Update on USDA’s Efforts to Keep ASF out of the US

The African swine fever (ASF) has taken over China’s hog herd. Over 20% of the world’s largest hog herd has been infected with the disease. This could mean only good things for the US pork market. That is, if the disease stays out of the U.S.

At a hearing Tuesday, USDA officials gave an update on the effort to keep the fever out of the U.S. Greg Ibach undersecretary of marketing and regulatory programs says USDA has ramped up biosecurity and import control. Also noting, “We may be as long as 8 years from finding a vaccine that’s effective.” Ibach going on to say, AFS is a tough disease to find a cure for or test for. Although, diagnostic efforts are underway with Canada to test for the disease.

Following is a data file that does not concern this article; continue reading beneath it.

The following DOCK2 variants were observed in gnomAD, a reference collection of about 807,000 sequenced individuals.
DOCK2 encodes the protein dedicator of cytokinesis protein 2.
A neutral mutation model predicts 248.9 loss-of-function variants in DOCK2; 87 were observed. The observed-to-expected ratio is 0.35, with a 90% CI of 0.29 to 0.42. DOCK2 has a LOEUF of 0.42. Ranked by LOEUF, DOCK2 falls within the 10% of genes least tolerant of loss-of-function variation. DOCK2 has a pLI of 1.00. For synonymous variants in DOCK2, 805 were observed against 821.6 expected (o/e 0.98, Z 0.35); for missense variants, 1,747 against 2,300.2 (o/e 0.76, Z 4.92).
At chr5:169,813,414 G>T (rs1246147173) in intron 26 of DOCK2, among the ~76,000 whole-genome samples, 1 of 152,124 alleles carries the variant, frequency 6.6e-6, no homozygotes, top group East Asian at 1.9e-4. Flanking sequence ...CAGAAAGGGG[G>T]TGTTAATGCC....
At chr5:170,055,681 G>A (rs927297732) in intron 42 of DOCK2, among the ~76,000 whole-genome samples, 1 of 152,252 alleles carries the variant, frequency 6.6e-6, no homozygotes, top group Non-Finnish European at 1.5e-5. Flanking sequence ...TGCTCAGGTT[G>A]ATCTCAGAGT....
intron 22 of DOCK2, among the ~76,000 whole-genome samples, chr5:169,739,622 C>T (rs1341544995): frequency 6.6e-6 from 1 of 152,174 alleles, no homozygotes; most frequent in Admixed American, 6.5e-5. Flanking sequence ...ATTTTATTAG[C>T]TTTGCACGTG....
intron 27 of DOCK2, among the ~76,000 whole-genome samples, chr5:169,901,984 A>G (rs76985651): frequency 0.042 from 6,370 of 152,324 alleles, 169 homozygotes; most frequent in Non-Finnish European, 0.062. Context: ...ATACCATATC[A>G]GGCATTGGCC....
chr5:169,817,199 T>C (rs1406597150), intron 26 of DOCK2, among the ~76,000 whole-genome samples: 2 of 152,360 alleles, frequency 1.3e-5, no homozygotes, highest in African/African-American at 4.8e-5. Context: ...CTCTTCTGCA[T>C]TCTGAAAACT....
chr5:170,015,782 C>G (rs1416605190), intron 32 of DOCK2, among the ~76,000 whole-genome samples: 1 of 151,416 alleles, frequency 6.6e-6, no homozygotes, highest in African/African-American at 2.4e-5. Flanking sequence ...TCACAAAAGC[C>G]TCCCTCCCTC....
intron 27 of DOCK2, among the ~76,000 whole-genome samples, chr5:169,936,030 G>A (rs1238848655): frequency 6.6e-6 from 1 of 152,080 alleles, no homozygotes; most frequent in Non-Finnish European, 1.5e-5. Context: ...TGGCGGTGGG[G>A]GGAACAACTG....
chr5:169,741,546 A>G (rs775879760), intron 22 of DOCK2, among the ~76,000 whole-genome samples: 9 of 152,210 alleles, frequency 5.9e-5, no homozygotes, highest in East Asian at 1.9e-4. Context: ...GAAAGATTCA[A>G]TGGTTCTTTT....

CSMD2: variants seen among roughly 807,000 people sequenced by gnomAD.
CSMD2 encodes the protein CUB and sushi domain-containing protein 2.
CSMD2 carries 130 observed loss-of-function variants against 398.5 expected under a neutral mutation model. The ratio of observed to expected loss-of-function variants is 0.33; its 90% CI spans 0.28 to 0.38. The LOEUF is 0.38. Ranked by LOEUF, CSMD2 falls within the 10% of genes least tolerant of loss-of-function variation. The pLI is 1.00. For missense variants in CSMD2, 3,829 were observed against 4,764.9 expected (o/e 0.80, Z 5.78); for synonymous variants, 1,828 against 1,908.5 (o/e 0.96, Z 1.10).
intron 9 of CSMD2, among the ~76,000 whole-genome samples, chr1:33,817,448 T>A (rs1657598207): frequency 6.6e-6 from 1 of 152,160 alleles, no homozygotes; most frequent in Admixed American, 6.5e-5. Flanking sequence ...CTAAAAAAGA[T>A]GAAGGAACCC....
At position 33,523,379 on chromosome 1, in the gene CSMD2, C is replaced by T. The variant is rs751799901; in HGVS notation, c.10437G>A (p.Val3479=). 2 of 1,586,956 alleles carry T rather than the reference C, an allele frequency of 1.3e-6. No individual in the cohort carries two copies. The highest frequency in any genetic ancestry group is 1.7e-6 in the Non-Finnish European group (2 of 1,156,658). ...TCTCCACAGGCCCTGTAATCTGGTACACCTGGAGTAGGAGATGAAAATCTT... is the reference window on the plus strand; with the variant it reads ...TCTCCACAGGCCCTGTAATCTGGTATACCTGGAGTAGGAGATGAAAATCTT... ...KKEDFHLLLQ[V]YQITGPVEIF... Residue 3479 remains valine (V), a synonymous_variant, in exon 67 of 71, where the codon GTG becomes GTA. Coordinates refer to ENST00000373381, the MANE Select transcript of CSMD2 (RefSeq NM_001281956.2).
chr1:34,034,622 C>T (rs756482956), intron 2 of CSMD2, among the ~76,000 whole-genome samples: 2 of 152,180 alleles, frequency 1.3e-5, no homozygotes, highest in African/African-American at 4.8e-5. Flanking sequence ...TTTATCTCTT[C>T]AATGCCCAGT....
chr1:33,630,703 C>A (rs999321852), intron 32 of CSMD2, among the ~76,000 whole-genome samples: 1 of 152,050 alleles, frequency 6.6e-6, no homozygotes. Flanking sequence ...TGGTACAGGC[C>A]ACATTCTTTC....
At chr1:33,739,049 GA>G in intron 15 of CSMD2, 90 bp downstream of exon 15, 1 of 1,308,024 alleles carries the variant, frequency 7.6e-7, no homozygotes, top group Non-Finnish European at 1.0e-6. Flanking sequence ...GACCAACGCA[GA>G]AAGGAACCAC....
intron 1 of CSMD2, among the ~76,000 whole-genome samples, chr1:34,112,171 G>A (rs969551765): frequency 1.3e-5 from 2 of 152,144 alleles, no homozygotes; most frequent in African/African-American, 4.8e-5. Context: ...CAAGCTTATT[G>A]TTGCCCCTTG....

At the hearing, Ibach discussed precautionary measures and discussed a plan of action if the disease does become present in the U.S.

ASF can be transmitted by feed and contaminated objects because of its ability to thrive in harsh conditions. ASF does not affect people and food safety is not a concern.

U.S. hog prices have gone up this spring, but futures prices have lost ground by $7 to $10 per cwt for most contracts since mid-April.

There has been little impact in major cities in China, although demand is expected to increase in the coming months.

The tariff war between China and the U.S. has China refusing U.S. pork imports. Although, China has to get their pork for somewhere, such as Mexico and Canada. Canada and Mexico in return will sell their domestic pork to china, and begin picking up more pork from the U.S.